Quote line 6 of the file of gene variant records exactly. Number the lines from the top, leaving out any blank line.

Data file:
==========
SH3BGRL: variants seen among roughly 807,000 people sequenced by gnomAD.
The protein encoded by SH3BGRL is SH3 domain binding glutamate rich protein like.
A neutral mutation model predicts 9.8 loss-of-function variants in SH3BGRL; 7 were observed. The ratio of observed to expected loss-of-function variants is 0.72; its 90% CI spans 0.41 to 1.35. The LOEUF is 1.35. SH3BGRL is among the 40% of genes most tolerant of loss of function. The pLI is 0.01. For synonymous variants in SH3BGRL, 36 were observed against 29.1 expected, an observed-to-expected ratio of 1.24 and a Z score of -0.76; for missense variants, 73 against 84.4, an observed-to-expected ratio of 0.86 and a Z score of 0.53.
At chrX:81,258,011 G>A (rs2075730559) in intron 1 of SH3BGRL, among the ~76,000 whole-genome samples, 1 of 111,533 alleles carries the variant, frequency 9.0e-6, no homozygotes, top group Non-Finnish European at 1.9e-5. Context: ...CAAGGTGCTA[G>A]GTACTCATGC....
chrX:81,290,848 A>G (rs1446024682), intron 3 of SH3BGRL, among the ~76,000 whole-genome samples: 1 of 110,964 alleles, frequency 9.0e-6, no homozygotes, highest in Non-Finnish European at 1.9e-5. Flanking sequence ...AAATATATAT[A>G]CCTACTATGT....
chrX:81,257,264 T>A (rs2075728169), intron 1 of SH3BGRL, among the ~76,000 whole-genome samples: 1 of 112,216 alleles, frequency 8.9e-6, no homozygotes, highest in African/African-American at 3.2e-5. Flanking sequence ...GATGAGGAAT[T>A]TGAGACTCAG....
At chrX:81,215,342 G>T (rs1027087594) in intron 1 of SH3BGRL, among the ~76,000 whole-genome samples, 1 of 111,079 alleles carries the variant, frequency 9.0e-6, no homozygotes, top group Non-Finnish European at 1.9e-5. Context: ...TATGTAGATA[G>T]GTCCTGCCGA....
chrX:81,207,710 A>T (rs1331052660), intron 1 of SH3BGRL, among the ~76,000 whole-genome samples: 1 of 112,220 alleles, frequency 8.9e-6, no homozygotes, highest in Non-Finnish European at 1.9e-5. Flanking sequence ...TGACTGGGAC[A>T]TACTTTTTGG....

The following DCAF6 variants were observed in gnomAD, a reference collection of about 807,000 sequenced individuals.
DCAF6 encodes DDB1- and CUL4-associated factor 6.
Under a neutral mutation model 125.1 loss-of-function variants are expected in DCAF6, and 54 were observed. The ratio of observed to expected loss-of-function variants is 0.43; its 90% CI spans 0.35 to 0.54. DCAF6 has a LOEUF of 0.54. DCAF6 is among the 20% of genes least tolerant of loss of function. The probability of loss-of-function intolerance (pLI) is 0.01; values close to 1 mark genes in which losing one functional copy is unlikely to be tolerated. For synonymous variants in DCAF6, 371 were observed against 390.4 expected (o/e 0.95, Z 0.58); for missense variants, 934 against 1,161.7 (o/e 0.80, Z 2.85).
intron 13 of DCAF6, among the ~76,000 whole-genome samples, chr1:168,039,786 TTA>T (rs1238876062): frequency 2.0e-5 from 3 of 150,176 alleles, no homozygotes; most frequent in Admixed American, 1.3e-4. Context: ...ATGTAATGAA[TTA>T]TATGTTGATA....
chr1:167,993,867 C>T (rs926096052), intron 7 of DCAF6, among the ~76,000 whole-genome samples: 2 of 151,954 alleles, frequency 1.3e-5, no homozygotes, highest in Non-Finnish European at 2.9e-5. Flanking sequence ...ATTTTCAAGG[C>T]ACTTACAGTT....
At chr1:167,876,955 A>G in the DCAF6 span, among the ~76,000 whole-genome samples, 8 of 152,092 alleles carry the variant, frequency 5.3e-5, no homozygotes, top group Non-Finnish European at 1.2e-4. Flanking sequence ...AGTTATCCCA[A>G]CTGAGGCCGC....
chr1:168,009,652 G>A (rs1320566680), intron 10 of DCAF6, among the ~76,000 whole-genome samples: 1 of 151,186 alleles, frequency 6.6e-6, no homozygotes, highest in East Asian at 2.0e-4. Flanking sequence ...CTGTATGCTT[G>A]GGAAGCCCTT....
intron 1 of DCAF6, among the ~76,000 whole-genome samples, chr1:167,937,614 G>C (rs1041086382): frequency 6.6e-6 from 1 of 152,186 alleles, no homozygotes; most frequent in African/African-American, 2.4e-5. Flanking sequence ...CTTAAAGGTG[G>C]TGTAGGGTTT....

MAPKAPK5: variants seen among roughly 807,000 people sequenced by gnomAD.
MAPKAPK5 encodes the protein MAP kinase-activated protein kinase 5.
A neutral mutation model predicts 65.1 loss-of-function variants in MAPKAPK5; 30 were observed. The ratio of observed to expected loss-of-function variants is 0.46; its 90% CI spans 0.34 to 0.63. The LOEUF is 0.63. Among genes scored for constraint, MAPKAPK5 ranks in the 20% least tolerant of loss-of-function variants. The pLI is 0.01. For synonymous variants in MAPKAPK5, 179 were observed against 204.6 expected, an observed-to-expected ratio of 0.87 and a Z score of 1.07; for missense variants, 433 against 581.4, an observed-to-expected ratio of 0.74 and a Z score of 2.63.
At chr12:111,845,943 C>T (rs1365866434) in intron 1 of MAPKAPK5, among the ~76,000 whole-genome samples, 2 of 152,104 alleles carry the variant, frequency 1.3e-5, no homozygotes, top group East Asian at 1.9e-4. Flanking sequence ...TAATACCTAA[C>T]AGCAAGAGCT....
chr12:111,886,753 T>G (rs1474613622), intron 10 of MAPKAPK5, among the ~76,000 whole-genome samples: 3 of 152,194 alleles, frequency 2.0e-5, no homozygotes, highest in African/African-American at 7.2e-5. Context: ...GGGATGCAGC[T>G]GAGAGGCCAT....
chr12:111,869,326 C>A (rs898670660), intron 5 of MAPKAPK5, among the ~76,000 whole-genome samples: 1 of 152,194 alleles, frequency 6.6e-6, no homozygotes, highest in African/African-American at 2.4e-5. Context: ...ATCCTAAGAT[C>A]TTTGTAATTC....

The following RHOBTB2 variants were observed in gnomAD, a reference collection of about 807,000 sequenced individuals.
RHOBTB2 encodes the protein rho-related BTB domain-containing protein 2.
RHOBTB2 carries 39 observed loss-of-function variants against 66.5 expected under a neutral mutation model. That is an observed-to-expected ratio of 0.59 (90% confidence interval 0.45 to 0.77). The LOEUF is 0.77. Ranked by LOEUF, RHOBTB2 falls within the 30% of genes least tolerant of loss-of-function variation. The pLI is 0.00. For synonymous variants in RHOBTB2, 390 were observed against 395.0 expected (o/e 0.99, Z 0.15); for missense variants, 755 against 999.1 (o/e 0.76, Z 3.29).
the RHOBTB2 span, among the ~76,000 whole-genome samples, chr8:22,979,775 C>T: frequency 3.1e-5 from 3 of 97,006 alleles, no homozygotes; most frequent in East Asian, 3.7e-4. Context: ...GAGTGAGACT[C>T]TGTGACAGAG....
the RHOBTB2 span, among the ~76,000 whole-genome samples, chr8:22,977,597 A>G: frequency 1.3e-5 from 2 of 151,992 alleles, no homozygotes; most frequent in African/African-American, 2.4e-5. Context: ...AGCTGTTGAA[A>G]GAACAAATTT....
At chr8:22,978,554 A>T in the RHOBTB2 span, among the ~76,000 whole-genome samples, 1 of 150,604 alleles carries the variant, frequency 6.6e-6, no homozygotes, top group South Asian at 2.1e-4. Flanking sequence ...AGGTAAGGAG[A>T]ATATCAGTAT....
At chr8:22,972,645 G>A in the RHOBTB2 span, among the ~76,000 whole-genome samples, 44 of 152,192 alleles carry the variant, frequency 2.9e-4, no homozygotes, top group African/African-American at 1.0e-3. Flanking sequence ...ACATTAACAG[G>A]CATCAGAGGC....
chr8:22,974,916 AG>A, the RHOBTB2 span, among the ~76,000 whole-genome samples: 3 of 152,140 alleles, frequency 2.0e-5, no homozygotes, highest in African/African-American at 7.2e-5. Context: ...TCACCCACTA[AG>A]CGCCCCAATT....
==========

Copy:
chrX:81,257,264 T>A (rs2075728169), intron 1 of SH3BGRL, among the ~76,000 whole-genome samples: 1 of 112,216 alleles, frequency 8.9e-6, no homozygotes, highest in African/African-American at 3.2e-5. Flanking sequence ...GATGAGGAAT[T>A]TGAGACTCAG....